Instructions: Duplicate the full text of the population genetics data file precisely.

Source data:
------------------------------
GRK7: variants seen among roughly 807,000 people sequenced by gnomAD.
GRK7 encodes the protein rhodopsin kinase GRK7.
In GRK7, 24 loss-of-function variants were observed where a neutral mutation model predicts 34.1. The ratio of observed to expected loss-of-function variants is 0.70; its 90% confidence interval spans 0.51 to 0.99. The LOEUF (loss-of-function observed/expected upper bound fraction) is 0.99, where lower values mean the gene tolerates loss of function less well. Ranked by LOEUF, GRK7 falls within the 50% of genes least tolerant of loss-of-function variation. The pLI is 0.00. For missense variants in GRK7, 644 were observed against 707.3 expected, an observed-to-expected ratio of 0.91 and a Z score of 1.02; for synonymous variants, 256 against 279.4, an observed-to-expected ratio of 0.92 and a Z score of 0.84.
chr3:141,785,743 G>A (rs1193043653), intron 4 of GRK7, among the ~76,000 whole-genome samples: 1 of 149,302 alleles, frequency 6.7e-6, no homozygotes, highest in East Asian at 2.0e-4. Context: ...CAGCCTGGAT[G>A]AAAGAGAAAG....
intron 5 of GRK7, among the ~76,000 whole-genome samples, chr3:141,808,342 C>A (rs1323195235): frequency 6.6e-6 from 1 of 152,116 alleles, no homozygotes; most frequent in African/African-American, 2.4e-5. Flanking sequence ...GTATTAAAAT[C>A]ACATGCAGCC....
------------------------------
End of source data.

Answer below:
GRK7: variants seen among roughly 807,000 people sequenced by gnomAD.
GRK7 encodes the protein rhodopsin kinase GRK7.
In GRK7, 24 loss-of-function variants were observed where a neutral mutation model predicts 34.1. The ratio of observed to expected loss-of-function variants is 0.70; its 90% confidence interval spans 0.51 to 0.99. The LOEUF (loss-of-function observed/expected upper bound fraction) is 0.99, where lower values mean the gene tolerates loss of function less well. Ranked by LOEUF, GRK7 falls within the 50% of genes least tolerant of loss-of-function variation. The pLI is 0.00. For missense variants in GRK7, 644 were observed against 707.3 expected, an observed-to-expected ratio of 0.91 and a Z score of 1.02; for synonymous variants, 256 against 279.4, an observed-to-expected ratio of 0.92 and a Z score of 0.84.
chr3:141,785,743 G>A (rs1193043653), intron 4 of GRK7, among the ~76,000 whole-genome samples: 1 of 149,302 alleles, frequency 6.7e-6, no homozygotes, highest in East Asian at 2.0e-4. Context: ...CAGCCTGGAT[G>A]AAAGAGAAAG....
intron 5 of GRK7, among the ~76,000 whole-genome samples, chr3:141,808,342 C>A (rs1323195235): frequency 6.6e-6 from 1 of 152,116 alleles, no homozygotes; most frequent in African/African-American, 2.4e-5. Flanking sequence ...GTATTAAAAT[C>A]ACATGCAGCC....